Primoz Roglic is set to adapt to a new life within pro cycling. After many - and very successful - years with Jumbo-Visma he takes on a new goal. The Slovenian will be the sole team leader with added responsibilities and new ambitions. One of them is to make BORA - hansgrohe the best team in the sport.
“The changes are already visible, I already have a mustache like my boss Ralph Denk," Roglic jokes in a press conference hosted close to home in Slovenia this Wednesday afternoon. "Everyone is super motivated and wants to do everything possible to make something great happen. I left the best team in the world and now I have a special challenge: to make BORA-hansgrohe the best team."
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Roglic made the choice to move away from the Dutch team recently, following the events of the Vuelta a Espana. Despite his astonishing success in the first half of 2023, where after recovering his form after a rough winter where he spent months off the bike, he went on to win Tirreno-Adriatico, Volta a Catalunya and the Giro d'Italia. At the Vuelta a Espana he looked to take the win, but a combination of team tactics and orders saw Sepp Kuss take the GC win, and Roglic having to keep himself from attacking the race in the final two mountain stages.
Whilst winning the race overall at that point would've been a difficult task, it was the performances of Jonas Vingegaard and Sepp Kuss which ultimately assured Roglic that he would not likely have again a chance to lead the team at the Tour de France with full focus on himself. That is something he desires, as it is the one Grand Tour missing in his palmarès. Weeks after the end of the Vuelta his move to the German team was announced, a millionaire bombshell.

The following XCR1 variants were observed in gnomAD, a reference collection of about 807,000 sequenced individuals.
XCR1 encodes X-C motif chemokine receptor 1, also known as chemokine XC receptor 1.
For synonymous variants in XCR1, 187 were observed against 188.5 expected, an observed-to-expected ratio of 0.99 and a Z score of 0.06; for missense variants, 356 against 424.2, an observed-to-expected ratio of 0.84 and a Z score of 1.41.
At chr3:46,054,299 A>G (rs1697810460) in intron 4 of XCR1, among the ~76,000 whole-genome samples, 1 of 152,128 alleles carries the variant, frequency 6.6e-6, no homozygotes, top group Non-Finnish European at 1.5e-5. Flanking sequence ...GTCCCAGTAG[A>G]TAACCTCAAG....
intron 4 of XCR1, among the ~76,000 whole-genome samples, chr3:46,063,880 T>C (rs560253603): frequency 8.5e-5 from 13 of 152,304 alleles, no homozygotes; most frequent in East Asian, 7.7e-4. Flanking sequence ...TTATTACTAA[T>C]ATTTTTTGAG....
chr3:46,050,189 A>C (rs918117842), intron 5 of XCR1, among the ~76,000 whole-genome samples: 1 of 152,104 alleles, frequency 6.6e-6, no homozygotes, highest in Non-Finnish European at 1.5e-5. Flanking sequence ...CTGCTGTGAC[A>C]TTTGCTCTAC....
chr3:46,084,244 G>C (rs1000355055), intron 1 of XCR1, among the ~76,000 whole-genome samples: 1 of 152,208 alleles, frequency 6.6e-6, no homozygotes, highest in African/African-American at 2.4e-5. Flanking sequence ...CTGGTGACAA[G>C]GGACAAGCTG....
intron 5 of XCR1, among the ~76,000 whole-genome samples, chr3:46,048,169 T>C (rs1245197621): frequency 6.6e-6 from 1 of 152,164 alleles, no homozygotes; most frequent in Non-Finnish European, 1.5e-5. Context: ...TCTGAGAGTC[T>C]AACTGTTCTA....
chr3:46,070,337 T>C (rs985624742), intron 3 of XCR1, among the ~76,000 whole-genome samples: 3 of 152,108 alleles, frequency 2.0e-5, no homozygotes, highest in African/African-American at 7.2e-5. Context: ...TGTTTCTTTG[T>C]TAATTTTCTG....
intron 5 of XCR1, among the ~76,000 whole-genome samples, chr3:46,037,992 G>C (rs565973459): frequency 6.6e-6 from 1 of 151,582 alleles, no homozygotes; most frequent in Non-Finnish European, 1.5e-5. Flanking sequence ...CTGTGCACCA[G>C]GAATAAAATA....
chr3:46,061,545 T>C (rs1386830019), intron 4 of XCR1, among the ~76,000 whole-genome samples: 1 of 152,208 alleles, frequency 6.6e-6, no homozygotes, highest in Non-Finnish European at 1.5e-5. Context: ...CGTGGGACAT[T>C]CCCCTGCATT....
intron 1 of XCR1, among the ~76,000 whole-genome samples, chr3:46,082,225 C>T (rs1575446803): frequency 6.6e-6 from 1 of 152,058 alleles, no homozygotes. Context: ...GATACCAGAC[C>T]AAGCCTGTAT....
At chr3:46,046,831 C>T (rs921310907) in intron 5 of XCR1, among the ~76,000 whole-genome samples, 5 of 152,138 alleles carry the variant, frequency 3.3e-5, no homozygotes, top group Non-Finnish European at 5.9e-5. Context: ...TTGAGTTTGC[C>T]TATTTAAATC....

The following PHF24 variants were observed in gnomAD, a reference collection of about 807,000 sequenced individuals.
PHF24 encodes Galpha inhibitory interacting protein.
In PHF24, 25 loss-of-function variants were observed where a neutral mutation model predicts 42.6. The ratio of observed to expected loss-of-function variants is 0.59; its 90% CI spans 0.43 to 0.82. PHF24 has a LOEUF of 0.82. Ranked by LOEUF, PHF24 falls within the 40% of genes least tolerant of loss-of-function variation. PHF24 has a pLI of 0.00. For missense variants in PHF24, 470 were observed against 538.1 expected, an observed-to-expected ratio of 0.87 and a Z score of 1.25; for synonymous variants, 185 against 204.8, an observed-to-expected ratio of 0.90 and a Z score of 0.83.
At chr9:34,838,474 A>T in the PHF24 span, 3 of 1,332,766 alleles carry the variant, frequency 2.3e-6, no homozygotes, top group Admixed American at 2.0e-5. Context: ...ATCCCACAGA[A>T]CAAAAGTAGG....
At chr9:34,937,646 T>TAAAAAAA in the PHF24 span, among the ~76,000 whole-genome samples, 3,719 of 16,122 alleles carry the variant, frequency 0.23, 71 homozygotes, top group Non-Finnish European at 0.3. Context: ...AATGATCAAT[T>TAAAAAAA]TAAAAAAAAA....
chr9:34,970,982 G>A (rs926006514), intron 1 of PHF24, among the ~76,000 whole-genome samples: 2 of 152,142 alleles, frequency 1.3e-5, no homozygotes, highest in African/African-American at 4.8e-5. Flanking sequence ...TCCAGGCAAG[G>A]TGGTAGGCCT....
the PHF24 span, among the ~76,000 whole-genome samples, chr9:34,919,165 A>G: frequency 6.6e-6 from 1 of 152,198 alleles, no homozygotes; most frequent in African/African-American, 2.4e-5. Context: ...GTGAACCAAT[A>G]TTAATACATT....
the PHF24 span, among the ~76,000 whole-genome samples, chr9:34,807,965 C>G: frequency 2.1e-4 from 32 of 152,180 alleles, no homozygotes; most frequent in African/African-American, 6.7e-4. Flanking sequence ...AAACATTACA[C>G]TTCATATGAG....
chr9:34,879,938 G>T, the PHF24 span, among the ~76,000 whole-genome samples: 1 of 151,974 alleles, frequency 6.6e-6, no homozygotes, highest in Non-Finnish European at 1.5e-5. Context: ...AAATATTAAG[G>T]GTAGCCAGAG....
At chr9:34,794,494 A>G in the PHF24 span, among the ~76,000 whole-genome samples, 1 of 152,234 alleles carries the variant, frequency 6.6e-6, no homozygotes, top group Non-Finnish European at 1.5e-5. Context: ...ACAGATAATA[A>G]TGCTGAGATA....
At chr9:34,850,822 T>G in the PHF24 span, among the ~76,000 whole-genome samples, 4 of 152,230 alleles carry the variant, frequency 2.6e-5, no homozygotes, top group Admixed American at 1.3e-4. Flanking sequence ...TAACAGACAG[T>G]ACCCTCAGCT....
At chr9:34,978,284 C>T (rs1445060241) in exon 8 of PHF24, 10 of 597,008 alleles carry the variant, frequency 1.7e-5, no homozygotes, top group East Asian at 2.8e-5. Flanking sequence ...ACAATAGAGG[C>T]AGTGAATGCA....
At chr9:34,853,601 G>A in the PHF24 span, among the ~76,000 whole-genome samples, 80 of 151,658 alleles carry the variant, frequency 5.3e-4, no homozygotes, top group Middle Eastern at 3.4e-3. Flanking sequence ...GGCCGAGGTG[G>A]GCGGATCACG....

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Roglic has already met up with his new teammates in a team camp on the Austrian Alps, and is resuming training ahead of the season. "We will try to determine my entire program by the end of December," he told reporters on site, "but I think I will stay on what I've done in recent years." It is very likely that he will race the Tour de Suisse ahead of the Tour de France. In the spring, the Ardennes are a possibility, whilst the Slovenian should also be a candidate for the stage-race schedule that he chooses.
Every year he shows a very high level so he does not feel the urge to make big changes. "Apparently, it's working. There are a lot of challenges. The Tour de Suisse, which I have never competed in and which it would be good to include in my list of achievements." He mentions also the post-Tour ideas he has: "There are the World Championships too, as well as the Olympic Games, even if I don't yet know what I will do in Paris. I already have a medal (in the time-trial, not on the road, ed.)."